131 Early Warning Signs of a Possibility “Toxic” Relationship Partner

If you notice some of these signs early on in a relationship (say, in the first few months), you may be engaging with a toxic partner who will be both abusive (sometimes) and extremely hard to extricate yourself from.

On the bright side, you’ll likely be very close to having some of your early childhood wounds re-opened (giving you a chance to heal from them).

A “toxic” relationship partner is suffering from unresolved emotional trauma and takes out on their partner the emotional negativity that they felt toward someone else (usually a parent) way back then. They tend to have diagnosable “Cluster B” personality disorders, addictions, and/or a history of broken relationships.

These relationships HURT. I’ve experienced every one of these warning signs personally in the last 25 years (but not ALL of them in any one relationship).

I’m only able to share this info now because now I can SEE it–because I’ve dealt with many of the very old inner wounds that made me susceptible to these partners in the first place. I’ve also studied and learned WHY these relationships occur.

This list is not intended to describe anyone in particular. It’s intended to help others avoid throwing years of their lives away on relationships that WILL NOT WORK without serious, life-changing healing (on both sides)–which often NEVER HAPPENS.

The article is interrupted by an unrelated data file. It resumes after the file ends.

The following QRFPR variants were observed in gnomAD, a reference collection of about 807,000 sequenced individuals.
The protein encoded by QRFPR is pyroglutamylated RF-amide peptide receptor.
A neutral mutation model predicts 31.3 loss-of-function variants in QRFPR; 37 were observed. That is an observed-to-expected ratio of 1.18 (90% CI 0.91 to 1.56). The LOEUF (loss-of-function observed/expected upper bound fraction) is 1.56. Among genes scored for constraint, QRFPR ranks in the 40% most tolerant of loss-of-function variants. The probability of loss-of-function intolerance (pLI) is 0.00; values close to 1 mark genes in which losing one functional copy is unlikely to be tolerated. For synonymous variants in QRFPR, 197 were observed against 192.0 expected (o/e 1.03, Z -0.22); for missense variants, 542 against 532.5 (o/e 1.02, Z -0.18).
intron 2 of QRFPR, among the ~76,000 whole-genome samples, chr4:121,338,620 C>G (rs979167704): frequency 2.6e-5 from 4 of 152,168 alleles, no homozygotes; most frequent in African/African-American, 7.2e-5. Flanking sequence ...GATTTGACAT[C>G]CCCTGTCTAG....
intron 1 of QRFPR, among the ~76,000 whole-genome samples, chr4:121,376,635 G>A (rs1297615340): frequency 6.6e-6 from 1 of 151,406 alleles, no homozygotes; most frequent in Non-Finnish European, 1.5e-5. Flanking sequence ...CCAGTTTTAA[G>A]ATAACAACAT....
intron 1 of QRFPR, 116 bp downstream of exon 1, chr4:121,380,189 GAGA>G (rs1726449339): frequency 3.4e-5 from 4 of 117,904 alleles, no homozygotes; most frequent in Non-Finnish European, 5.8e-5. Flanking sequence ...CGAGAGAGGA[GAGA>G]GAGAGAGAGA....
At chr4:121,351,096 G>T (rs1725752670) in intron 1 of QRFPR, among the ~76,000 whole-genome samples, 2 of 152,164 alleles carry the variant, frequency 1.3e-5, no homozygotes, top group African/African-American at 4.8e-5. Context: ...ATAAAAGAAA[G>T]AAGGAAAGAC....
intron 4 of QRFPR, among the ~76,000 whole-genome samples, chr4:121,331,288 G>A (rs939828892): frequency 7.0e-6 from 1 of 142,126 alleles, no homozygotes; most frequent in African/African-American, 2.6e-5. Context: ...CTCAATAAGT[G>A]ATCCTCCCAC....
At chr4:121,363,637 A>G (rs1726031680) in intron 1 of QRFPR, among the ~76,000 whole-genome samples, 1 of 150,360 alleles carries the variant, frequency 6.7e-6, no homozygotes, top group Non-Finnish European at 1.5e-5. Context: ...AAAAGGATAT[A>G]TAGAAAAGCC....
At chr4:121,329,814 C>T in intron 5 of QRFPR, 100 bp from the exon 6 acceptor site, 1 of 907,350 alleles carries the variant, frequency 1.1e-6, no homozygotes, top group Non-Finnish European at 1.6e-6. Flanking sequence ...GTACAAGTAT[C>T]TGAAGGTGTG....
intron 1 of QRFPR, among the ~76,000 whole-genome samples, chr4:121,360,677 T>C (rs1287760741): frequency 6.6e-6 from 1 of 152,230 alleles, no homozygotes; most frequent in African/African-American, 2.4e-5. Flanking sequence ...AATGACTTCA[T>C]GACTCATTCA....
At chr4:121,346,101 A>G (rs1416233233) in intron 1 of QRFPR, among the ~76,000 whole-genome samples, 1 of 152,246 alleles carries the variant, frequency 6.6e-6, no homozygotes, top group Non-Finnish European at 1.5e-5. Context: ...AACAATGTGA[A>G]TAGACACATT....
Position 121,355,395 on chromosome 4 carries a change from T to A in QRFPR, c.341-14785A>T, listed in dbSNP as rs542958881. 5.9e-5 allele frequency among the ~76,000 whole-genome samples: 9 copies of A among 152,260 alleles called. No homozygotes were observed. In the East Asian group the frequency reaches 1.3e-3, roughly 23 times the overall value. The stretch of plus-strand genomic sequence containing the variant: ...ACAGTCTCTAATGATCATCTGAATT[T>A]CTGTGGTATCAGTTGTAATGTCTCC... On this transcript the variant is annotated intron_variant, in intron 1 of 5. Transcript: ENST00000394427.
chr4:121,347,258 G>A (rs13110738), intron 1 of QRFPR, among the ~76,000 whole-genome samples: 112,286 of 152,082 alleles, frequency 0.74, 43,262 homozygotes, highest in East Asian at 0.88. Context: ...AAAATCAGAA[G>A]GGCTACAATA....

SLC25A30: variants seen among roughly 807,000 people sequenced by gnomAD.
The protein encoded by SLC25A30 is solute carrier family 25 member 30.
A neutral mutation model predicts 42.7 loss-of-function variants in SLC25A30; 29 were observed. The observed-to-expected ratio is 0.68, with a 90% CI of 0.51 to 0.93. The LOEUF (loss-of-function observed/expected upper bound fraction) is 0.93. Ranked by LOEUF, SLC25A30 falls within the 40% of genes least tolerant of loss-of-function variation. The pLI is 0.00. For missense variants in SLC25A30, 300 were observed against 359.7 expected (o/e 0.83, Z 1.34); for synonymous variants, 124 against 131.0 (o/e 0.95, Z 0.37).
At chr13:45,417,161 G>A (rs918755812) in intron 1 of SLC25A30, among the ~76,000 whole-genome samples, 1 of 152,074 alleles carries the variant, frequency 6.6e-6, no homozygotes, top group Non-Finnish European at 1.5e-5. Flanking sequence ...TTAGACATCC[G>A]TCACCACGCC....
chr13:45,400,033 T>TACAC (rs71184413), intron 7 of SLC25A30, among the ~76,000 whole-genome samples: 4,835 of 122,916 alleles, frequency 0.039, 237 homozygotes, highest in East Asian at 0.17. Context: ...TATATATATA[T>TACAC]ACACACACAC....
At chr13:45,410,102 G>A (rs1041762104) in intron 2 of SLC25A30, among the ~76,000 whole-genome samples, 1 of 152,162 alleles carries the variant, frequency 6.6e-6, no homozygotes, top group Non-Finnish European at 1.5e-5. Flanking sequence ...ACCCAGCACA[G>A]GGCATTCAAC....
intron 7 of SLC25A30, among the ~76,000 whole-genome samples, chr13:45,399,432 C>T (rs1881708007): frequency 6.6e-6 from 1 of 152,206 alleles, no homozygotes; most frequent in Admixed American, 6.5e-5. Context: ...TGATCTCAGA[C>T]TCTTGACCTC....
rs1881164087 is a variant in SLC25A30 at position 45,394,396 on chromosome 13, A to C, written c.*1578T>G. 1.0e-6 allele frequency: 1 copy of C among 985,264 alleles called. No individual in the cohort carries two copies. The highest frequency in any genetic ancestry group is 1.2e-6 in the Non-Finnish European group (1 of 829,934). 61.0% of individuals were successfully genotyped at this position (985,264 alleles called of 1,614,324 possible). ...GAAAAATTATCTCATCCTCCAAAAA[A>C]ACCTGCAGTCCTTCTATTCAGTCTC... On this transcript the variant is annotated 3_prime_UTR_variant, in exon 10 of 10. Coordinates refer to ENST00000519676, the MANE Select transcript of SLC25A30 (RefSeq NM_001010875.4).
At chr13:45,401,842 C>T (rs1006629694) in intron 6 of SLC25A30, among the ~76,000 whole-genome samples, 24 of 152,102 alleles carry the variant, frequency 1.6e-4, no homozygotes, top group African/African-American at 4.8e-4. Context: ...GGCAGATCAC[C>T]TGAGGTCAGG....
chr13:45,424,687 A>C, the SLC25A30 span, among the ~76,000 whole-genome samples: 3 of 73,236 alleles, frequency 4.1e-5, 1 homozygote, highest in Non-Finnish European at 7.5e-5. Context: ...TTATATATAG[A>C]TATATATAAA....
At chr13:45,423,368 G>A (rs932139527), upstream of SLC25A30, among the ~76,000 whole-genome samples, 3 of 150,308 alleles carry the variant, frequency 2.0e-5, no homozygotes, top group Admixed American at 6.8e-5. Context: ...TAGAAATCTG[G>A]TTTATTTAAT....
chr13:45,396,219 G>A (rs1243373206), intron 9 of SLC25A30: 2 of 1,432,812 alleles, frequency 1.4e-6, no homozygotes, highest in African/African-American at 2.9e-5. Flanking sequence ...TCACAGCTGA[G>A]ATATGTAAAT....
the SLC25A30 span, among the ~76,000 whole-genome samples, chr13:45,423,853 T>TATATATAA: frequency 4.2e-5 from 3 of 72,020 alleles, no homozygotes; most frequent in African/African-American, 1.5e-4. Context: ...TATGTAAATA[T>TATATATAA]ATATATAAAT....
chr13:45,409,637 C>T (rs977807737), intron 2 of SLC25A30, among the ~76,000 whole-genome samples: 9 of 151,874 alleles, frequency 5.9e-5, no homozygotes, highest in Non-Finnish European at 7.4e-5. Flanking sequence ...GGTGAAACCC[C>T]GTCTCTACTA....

Toxic people usually don’t get help, or they “fake” it if they do. It’s just part of the package.

HEALING HURTS AS BAD AS THE ORIGINAL PAIN DID! “Toxicity” is the avoidance of that pain.

People who “partner up” with these toxic folks tend to be “fixers” or “people-pleasers” in relationships. The proper word for this is codependent.

Codependent people have been “programmed” from earliest childhood to put aside their own needs for the sake of someone else’s. They “depend” on being needed, in order to feel loved, so they tend to seek life-destroying relationships with abusive people who really do need help–from a professional, not from a lover–but ultimately from themselves.

In my experience, these traits apply to toxic women, and I suppose many of them also apply to toxic men.

What do you think?

1. They change long-term goals quickly or repeatedly.
2. They casually mention other “guys” who want to be with them.
3. They toss around the word “crazy” in many contexts, even jokingly.
4. They seem annoyed when someone else calls or texts you.
5. They act differently toward different people.
6. They bring you gifts very early on.
7. They say they hate or dislike other women, in general.
8. They say they’ve dated a lot of “assholes.”
9. They are quickly defensive in ways that surprise you (at first).
10. They say “you’re just like all the other guys” when they get upset.

11. They threaten to end the relationship early on…but stay anyway.
12. They refer to a male friend in conversation with you as “them” instead of “him” and without naming him.
13. They talk about how honest they are.
14. They say they “hate drama.”
15. They tell you quickly about abuse in their past.
16. You feel sympathy for them quickly.
17. They initiate the relationship.
18. They move toward sex early on, maybe even before you’re ready.
19. They take prescription pills for anxiety, panic attacks, or depression.
20. They impose on your personal time.

21. They impose on your personal space.
22. They don’t like it when you spend time with your friends.
23. They dismiss or minimize your feelings.
24. They focus your attention on THEIR feelings.
25. They talk about marriage, family, or living together early on.
26. They love the movies Girl, Interrupted and/or Eternal Sunshine of the Spotless Mind.